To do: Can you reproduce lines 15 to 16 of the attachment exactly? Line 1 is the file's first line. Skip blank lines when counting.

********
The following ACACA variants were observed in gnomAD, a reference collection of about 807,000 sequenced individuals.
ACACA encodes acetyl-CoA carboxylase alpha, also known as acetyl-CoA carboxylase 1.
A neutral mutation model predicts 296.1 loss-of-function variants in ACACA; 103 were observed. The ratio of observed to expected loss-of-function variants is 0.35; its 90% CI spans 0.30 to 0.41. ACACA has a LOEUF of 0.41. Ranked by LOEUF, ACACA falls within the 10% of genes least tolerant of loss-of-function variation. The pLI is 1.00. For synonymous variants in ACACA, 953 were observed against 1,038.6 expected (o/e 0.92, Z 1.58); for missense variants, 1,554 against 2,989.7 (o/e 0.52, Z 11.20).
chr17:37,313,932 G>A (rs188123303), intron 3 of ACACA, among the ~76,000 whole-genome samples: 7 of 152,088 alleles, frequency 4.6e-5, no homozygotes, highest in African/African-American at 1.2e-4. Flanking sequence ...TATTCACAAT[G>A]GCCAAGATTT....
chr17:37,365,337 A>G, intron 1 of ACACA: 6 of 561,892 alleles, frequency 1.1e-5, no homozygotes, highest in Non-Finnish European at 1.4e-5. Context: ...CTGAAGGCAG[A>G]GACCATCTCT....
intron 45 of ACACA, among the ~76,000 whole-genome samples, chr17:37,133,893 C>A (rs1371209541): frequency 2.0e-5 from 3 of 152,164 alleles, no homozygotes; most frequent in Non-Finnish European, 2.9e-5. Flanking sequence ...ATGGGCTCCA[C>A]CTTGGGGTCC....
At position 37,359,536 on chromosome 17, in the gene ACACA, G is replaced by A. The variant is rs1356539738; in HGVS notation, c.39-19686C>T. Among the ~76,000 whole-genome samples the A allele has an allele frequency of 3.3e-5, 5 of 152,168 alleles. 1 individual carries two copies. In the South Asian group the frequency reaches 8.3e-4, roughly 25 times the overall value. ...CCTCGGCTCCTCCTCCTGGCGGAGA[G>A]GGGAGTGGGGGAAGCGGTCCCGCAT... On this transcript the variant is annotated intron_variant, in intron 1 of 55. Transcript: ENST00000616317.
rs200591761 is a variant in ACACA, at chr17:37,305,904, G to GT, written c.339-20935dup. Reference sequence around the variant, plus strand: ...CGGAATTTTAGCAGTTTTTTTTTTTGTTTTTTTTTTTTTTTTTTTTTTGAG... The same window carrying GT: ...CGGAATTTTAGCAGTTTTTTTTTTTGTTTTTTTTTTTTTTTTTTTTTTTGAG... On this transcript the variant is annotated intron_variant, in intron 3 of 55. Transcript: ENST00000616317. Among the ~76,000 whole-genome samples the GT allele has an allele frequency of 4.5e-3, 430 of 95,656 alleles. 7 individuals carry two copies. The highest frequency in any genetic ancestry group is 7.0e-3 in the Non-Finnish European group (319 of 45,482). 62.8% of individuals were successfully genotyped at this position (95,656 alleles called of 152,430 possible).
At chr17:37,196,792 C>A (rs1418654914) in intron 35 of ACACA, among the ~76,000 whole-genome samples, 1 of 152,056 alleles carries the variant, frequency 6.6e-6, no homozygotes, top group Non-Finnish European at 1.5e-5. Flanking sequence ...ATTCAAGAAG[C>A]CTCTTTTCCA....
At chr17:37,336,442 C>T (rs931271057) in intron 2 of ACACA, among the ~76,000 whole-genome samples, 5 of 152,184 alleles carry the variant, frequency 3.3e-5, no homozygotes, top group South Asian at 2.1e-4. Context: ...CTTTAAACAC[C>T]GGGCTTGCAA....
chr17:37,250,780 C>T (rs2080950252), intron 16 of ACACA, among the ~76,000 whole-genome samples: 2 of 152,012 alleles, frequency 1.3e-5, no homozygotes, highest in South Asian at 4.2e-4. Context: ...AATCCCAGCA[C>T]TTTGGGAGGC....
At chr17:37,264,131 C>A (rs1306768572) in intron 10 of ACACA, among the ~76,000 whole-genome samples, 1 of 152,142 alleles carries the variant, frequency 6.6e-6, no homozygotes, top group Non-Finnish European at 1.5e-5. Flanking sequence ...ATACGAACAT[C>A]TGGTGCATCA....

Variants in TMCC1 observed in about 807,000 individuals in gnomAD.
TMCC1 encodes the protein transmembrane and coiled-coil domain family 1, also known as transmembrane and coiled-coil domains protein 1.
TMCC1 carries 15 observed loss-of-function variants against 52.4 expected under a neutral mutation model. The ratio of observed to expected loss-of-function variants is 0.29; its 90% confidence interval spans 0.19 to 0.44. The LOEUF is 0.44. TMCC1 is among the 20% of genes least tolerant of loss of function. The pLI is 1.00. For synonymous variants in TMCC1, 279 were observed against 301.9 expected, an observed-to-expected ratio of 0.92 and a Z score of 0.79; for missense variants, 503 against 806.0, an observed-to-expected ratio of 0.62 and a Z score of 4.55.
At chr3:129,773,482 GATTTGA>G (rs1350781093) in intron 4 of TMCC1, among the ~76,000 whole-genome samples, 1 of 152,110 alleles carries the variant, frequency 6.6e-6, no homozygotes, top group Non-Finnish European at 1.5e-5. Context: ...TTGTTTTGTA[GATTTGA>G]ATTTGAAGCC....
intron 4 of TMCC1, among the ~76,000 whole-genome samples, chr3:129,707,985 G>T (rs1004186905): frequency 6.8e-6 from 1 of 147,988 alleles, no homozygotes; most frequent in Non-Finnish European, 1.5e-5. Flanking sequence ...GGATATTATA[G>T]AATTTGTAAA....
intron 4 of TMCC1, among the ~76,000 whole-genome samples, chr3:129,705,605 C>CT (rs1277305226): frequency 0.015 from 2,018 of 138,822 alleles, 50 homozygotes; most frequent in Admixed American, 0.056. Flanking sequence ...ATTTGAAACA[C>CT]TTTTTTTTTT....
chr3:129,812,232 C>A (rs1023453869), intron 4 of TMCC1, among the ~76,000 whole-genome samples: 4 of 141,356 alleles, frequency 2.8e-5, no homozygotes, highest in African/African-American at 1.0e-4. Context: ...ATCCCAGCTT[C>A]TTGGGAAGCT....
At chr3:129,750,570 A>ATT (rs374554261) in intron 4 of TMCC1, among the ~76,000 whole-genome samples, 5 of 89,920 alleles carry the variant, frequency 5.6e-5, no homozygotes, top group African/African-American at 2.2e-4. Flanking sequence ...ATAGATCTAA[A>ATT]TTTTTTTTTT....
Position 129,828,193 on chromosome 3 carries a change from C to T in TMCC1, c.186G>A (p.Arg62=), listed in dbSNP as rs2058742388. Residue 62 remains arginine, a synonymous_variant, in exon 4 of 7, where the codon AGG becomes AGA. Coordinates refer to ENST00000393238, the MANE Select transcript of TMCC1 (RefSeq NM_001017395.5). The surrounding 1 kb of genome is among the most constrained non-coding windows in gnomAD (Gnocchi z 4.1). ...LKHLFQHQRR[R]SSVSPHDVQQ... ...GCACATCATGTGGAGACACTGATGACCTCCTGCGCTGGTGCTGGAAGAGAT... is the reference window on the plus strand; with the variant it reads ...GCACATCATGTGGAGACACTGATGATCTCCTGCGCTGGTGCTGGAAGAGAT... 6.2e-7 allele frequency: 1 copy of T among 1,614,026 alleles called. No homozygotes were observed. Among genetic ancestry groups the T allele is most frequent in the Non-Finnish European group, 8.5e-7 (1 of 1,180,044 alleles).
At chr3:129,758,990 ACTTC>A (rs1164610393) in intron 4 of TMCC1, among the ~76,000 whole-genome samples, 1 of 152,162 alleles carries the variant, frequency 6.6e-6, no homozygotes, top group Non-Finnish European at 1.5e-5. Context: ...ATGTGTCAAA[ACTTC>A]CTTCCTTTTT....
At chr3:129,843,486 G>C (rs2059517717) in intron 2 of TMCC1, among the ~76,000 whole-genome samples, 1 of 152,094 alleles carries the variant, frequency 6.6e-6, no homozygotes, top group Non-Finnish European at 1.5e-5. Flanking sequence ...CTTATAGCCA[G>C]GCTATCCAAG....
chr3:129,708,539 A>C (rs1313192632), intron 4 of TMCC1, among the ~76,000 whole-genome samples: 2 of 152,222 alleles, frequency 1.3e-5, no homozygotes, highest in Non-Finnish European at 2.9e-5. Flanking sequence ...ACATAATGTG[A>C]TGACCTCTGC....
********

TMCC1 carries 15 observed loss-of-function variants against 52.4 expected under a neutral mutation model. The ratio of observed to expected loss-of-function variants is 0.29; its 90% confidence interval spans 0.19 to 0.44. The LOEUF is 0.44. TMCC1 is among the 20% of genes least tolerant of loss of function. The pLI is 1.00. For synonymous variants in TMCC1, 279 were observed against 301.9 expected, an observed-to-expected ratio of 0.92 and a Z score of 0.79; for missense variants, 503 against 806.0, an observed-to-expected ratio of 0.62 and a Z score of 4.55.
At chr3:129,773,482 GATTTGA>G (rs1350781093) in intron 4 of TMCC1, among the ~76,000 whole-genome samples, 1 of 152,110 alleles carries the variant, frequency 6.6e-6, no homozygotes, top group Non-Finnish European at 1.5e-5. Context: ...TTGTTTTGTA[GATTTGA>G]ATTTGAAGCC....